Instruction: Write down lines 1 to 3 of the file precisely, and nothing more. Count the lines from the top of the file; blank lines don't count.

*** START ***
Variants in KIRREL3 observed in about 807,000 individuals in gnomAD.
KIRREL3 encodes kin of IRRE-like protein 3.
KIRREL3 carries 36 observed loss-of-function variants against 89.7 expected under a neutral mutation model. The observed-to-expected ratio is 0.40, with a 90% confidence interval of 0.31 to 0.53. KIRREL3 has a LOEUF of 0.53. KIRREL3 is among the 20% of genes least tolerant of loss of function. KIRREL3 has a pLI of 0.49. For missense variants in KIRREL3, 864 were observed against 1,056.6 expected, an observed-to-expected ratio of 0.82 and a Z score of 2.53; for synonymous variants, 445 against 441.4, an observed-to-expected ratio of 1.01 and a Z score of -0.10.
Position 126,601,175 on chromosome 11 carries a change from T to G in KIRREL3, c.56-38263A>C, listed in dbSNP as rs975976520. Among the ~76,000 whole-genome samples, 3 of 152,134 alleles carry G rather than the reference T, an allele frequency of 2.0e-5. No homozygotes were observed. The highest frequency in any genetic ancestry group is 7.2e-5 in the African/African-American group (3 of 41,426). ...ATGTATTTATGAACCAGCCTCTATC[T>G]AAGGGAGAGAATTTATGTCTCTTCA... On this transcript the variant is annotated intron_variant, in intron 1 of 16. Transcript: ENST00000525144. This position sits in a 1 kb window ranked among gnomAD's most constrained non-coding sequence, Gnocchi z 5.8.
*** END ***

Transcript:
Variants in KIRREL3 observed in about 807,000 individuals in gnomAD.
KIRREL3 encodes kin of IRRE-like protein 3.
KIRREL3 carries 36 observed loss-of-function variants against 89.7 expected under a neutral mutation model. The observed-to-expected ratio is 0.40, with a 90% confidence interval of 0.31 to 0.53. KIRREL3 has a LOEUF of 0.53. KIRREL3 is among the 20% of genes least tolerant of loss of function. KIRREL3 has a pLI of 0.49. For missense variants in KIRREL3, 864 were observed against 1,056.6 expected, an observed-to-expected ratio of 0.82 and a Z score of 2.53; for synonymous variants, 445 against 441.4, an observed-to-expected ratio of 1.01 and a Z score of -0.10.